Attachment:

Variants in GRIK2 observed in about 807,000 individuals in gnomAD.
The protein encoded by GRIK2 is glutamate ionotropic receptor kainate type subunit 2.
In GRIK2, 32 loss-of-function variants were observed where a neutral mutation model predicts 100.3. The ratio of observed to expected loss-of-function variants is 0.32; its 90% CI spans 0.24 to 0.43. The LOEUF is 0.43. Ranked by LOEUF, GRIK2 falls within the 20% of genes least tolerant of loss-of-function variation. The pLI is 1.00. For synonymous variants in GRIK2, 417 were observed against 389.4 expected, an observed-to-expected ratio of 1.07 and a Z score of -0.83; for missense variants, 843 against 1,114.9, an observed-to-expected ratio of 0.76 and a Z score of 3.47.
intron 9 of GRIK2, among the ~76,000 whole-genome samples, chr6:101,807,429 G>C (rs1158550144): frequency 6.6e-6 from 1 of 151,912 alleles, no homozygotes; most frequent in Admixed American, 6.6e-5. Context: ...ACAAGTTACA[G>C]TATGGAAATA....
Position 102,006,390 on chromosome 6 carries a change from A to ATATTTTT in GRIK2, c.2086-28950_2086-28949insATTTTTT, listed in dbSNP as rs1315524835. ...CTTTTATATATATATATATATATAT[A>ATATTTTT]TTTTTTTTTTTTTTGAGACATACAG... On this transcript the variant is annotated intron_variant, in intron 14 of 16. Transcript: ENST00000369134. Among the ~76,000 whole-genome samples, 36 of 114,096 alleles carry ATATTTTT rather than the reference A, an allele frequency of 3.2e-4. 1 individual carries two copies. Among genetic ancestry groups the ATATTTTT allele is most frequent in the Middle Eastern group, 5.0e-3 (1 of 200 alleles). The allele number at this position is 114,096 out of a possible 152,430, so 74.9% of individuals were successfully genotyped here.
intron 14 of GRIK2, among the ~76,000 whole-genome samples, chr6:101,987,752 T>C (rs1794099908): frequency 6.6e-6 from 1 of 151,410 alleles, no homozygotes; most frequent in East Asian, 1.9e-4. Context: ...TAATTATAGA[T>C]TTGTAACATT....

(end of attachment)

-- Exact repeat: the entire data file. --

Variants in GRIK2 observed in about 807,000 individuals in gnomAD.
The protein encoded by GRIK2 is glutamate ionotropic receptor kainate type subunit 2.
In GRIK2, 32 loss-of-function variants were observed where a neutral mutation model predicts 100.3. The ratio of observed to expected loss-of-function variants is 0.32; its 90% CI spans 0.24 to 0.43. The LOEUF is 0.43. Ranked by LOEUF, GRIK2 falls within the 20% of genes least tolerant of loss-of-function variation. The pLI is 1.00. For synonymous variants in GRIK2, 417 were observed against 389.4 expected, an observed-to-expected ratio of 1.07 and a Z score of -0.83; for missense variants, 843 against 1,114.9, an observed-to-expected ratio of 0.76 and a Z score of 3.47.
intron 9 of GRIK2, among the ~76,000 whole-genome samples, chr6:101,807,429 G>C (rs1158550144): frequency 6.6e-6 from 1 of 151,912 alleles, no homozygotes; most frequent in Admixed American, 6.6e-5. Context: ...ACAAGTTACA[G>C]TATGGAAATA....
Position 102,006,390 on chromosome 6 carries a change from A to ATATTTTT in GRIK2, c.2086-28950_2086-28949insATTTTTT, listed in dbSNP as rs1315524835. ...CTTTTATATATATATATATATATAT[A>ATATTTTT]TTTTTTTTTTTTTTGAGACATACAG... On this transcript the variant is annotated intron_variant, in intron 14 of 16. Transcript: ENST00000369134. Among the ~76,000 whole-genome samples, 36 of 114,096 alleles carry ATATTTTT rather than the reference A, an allele frequency of 3.2e-4. 1 individual carries two copies. Among genetic ancestry groups the ATATTTTT allele is most frequent in the Middle Eastern group, 5.0e-3 (1 of 200 alleles). The allele number at this position is 114,096 out of a possible 152,430, so 74.9% of individuals were successfully genotyped here.
intron 14 of GRIK2, among the ~76,000 whole-genome samples, chr6:101,987,752 T>C (rs1794099908): frequency 6.6e-6 from 1 of 151,410 alleles, no homozygotes; most frequent in East Asian, 1.9e-4. Context: ...TAATTATAGA[T>C]TTGTAACATT....